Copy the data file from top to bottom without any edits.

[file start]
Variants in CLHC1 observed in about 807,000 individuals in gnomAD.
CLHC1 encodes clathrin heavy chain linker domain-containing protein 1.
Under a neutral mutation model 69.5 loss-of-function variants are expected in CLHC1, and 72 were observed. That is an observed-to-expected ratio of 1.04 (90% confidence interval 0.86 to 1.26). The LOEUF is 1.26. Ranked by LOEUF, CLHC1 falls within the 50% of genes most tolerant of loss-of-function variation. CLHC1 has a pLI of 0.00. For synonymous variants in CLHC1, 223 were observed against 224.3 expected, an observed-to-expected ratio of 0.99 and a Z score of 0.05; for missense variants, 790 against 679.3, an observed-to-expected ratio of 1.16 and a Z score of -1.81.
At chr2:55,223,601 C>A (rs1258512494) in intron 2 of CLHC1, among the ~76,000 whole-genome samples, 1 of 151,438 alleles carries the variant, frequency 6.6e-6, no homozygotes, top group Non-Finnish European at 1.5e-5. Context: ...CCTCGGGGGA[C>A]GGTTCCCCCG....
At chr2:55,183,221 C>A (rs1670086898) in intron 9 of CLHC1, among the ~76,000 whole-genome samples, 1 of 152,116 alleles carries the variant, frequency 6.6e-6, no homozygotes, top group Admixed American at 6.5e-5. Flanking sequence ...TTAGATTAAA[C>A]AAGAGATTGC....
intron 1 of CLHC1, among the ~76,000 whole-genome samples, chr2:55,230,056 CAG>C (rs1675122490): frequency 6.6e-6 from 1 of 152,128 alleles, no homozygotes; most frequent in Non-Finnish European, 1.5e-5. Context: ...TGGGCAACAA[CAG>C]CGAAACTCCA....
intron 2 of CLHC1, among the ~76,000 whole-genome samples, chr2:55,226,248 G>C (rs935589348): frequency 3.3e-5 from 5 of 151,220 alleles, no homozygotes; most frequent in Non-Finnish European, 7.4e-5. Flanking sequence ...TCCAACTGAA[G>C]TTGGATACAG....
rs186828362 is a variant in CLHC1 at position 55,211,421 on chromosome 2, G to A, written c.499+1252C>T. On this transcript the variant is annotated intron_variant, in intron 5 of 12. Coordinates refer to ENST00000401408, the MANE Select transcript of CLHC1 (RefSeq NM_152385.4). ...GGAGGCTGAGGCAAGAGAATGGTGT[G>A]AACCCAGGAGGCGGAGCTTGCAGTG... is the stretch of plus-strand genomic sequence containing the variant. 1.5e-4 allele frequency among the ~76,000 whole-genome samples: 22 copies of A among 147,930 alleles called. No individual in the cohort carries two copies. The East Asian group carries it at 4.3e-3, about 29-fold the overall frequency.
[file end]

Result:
Variants in CLHC1 observed in about 807,000 individuals in gnomAD.
CLHC1 encodes clathrin heavy chain linker domain-containing protein 1.
Under a neutral mutation model 69.5 loss-of-function variants are expected in CLHC1, and 72 were observed. That is an observed-to-expected ratio of 1.04 (90% confidence interval 0.86 to 1.26). The LOEUF is 1.26. Ranked by LOEUF, CLHC1 falls within the 50% of genes most tolerant of loss-of-function variation. CLHC1 has a pLI of 0.00. For synonymous variants in CLHC1, 223 were observed against 224.3 expected, an observed-to-expected ratio of 0.99 and a Z score of 0.05; for missense variants, 790 against 679.3, an observed-to-expected ratio of 1.16 and a Z score of -1.81.
At chr2:55,223,601 C>A (rs1258512494) in intron 2 of CLHC1, among the ~76,000 whole-genome samples, 1 of 151,438 alleles carries the variant, frequency 6.6e-6, no homozygotes, top group Non-Finnish European at 1.5e-5. Context: ...CCTCGGGGGA[C>A]GGTTCCCCCG....
At chr2:55,183,221 C>A (rs1670086898) in intron 9 of CLHC1, among the ~76,000 whole-genome samples, 1 of 152,116 alleles carries the variant, frequency 6.6e-6, no homozygotes, top group Admixed American at 6.5e-5. Flanking sequence ...TTAGATTAAA[C>A]AAGAGATTGC....
intron 1 of CLHC1, among the ~76,000 whole-genome samples, chr2:55,230,056 CAG>C (rs1675122490): frequency 6.6e-6 from 1 of 152,128 alleles, no homozygotes; most frequent in Non-Finnish European, 1.5e-5. Context: ...TGGGCAACAA[CAG>C]CGAAACTCCA....
intron 2 of CLHC1, among the ~76,000 whole-genome samples, chr2:55,226,248 G>C (rs935589348): frequency 3.3e-5 from 5 of 151,220 alleles, no homozygotes; most frequent in Non-Finnish European, 7.4e-5. Flanking sequence ...TCCAACTGAA[G>C]TTGGATACAG....
rs186828362 is a variant in CLHC1 at position 55,211,421 on chromosome 2, G to A, written c.499+1252C>T. On this transcript the variant is annotated intron_variant, in intron 5 of 12. Coordinates refer to ENST00000401408, the MANE Select transcript of CLHC1 (RefSeq NM_152385.4). ...GGAGGCTGAGGCAAGAGAATGGTGT[G>A]AACCCAGGAGGCGGAGCTTGCAGTG... is the stretch of plus-strand genomic sequence containing the variant. 1.5e-4 allele frequency among the ~76,000 whole-genome samples: 22 copies of A among 147,930 alleles called. No individual in the cohort carries two copies. The East Asian group carries it at 4.3e-3, about 29-fold the overall frequency.